For purposes of resolving this issue, we must accept all undenied factual allegations as true and resolve all factual disputes in favor of the party seeking jurisdiction. See Saylor v. Dyniewski, 836 F.2d 341, 342 (7th Cir. 1988). Because this is a diversity action, this Court will have jurisdiction only if the Illinois courts would have jurisdiction. See Young v. Colgate-Palmolive Co., 790 F.2d 567, 569 (7th Cir. 1986); Lakeside Bridge & Steel Co. v. Mountain State Construction Co., Inc., 597 F.2d 596, 598 (7th Cir. 1979), cert. denied, 445 U.S. 907, 100 S. Ct. 1087, 63 L. Ed. 2d 325 (1980). Thus, we examine the jurisdictional requirements of Illinois.

 In Illinois, a party seeking to establish personal jurisdiction over a nonresident defendant must satisfy a two-part test. First, he must demonstrate that the nonresident defendant has performed one of the acts enumerated in the Illinois long-arm statute. Ill. Rev. Stat. ch. 110, para. 2-209 (1987). *fn2" Second, he must show that the nonresident defendant has had sufficient "minimum contacts" to satisfy the Due Process Clause of the Fourteenth Amendment. See International Shoe Co. v. Washington, 326 U.S. 310, 316, 90 L. Ed. 95, 66 S. Ct. 154 (1945). Although these two requirements were originally read as coterminous, the Illinois Supreme Court has made clear that long-arm jurisdiction may not be exercised in every situation which due process would permit. See Young, 790 F.2d at 569. Consequently, we analyze the statutory and constitutional components separately.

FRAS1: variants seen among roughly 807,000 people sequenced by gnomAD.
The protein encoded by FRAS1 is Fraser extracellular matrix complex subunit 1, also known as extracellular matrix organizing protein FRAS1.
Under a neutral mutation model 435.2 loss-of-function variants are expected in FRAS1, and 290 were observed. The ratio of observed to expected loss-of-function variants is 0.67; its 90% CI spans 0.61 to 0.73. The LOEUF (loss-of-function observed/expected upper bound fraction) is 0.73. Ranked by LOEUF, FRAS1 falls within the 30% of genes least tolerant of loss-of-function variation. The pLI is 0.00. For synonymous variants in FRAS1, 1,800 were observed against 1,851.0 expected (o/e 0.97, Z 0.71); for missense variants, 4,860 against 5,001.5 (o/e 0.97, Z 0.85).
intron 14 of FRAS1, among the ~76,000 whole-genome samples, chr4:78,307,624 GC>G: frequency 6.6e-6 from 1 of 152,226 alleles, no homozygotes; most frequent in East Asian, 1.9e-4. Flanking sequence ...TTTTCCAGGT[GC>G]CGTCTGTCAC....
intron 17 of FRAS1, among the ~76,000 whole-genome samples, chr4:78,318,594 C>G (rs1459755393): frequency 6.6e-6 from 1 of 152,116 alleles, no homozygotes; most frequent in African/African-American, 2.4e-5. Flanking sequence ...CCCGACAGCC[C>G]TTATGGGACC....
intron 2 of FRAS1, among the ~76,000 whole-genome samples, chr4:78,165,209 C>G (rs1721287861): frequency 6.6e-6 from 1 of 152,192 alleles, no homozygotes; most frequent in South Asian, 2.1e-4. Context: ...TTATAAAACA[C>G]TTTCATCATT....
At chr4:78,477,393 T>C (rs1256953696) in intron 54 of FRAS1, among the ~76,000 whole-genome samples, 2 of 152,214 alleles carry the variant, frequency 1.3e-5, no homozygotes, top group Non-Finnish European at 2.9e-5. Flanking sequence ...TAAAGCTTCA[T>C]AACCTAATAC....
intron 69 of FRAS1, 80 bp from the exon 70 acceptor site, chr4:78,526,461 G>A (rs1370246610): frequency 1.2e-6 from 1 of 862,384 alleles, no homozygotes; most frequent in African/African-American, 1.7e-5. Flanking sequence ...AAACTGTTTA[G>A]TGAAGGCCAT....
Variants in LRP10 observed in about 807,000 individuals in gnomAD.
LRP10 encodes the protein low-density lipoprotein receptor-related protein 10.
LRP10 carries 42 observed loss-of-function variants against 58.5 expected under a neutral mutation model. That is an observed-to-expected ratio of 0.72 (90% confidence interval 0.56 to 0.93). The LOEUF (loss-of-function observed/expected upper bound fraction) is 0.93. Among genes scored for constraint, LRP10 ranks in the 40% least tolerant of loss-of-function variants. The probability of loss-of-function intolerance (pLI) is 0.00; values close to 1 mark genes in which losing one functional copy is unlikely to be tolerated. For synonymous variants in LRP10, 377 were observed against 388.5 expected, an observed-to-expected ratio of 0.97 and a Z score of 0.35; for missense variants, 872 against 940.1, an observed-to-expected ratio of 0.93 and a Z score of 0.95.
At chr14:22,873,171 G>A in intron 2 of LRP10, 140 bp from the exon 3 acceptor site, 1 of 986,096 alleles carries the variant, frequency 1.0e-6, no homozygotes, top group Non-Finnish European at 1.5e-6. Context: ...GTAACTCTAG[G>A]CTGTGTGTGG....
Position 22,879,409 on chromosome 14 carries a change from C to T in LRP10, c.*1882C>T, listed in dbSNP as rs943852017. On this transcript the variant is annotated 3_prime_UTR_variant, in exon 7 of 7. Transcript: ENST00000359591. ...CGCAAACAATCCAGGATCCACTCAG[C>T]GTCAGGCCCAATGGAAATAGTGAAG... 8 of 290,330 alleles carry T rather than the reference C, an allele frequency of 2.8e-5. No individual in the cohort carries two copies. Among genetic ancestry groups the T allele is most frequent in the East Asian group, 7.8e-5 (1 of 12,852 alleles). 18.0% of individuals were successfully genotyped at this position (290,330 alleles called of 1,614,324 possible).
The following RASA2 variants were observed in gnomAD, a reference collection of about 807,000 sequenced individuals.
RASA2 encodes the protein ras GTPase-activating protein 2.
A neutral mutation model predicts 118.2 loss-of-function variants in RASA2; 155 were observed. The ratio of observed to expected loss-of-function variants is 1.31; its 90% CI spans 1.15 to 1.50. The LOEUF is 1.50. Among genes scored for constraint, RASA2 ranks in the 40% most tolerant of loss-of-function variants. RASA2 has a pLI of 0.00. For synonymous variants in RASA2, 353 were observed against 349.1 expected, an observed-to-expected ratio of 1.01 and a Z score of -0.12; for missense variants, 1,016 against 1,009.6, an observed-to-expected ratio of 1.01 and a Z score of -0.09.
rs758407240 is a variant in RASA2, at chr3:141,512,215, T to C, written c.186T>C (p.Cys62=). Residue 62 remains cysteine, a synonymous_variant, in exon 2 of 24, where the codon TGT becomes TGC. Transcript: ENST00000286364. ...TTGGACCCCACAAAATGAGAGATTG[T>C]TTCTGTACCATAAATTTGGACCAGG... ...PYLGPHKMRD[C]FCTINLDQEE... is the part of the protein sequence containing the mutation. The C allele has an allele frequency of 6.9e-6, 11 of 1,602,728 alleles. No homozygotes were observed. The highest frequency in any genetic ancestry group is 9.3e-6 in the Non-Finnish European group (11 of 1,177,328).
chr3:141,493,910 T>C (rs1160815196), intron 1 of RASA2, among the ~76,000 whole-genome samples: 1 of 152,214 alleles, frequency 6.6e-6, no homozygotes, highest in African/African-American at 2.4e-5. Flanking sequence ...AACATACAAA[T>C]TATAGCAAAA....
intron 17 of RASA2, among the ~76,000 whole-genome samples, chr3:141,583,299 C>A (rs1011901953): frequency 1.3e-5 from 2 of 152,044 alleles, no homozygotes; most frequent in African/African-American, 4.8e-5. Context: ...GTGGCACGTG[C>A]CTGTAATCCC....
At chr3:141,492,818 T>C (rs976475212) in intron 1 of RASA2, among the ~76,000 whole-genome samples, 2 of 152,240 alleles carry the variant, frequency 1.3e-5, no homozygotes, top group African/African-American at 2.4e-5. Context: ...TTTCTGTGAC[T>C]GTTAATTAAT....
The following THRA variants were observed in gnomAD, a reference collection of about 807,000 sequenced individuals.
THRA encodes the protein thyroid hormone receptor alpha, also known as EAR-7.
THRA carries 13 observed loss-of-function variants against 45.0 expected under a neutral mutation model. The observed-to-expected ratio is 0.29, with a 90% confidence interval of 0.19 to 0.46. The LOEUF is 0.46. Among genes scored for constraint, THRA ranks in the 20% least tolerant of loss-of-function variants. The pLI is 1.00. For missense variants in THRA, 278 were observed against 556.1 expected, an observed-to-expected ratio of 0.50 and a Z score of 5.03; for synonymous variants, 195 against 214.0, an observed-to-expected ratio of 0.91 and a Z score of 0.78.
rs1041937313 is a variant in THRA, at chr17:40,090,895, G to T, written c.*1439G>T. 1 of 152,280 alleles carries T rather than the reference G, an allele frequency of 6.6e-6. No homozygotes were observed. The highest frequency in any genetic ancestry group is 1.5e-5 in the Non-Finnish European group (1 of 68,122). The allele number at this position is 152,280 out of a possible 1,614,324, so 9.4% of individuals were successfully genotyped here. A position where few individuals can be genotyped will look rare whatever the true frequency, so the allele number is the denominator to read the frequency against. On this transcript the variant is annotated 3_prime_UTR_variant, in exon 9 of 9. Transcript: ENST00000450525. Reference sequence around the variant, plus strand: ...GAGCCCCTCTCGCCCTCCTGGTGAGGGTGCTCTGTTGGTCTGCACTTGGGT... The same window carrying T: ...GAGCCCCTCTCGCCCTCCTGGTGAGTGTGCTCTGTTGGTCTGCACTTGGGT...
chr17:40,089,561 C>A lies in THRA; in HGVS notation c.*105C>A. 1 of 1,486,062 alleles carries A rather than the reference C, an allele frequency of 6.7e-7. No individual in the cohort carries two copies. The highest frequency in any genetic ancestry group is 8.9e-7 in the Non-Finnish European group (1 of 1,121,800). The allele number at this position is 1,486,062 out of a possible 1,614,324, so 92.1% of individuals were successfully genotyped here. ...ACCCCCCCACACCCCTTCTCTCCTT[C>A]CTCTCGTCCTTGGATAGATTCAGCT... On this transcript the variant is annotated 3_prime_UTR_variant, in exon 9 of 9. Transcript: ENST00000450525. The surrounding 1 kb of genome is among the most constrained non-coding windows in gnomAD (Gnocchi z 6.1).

A. Analysis Under the Illinois Long-Arm Statute

 Under the Illinois long-arm statute, one of the acts which gives rise to jurisdiction over a nonresident defendant is the "transaction of business" in this state. Ill. Rev. Stat. ch. 110, para. 2-209(a)(1) (1987). The exercise of this jurisdiction, however, is limited to causes of action "arising from" the defendant's "transaction of business." Ill. Rev. Stat. ch. 110, para. 2-209(a) and (d).

 Under the Illinois "transacting business" requirement, neither the physical presence of the nonresident nor regular and systematic conduct of business within the state is necessary. See Snyder v. Smith, 736 F.2d 409, 416 (7th Cir.) cert. denied, 469 U.S. 1037, 83 L. Ed. 2d 403, 105 S. Ct. 513 (1984). In the past, Illinois courts have consistently held that activities such as mailing money or messages to an Illinois resident or placing telephone calls to an Illinois resident, coupled with an intent to affect Illinois business interests and to communicate a message to Illinois, are sufficient to satisfy the requirements of the Illinois long-arm statute. See AM International Leasing Corp. v. National Council of Negro Women, Inc., 627 F. Supp. 1302, 1308 (N.D.Ill. 1986); Club Assistance Program, Inc. v. Zukerman, 594 F. Supp. 341, 347 n.n. 8-11 (N.D.Ill. 1984) (collecting numerous Illinois cases).

 In determining whether a nonresident defendant has "transacted business" in Illinois, several factors are relevant: which party initiated the transaction; where the contract was negotiated and consummated; and where performance of the contract occurred. See Gordon v. Tow, 148 Ill. App. 3d 275, 280-81, 498 N.E.2d 718, 722, 101 Ill. Dec. 394 (1st Dist. 1986). None of these factors, however, is controlling. See Gordon, 148 Ill.App.3d at 281, 498 N.E.2d at 722. Ultimately, the entire relationship between the parties controls and the "total picture [must] support[] a ...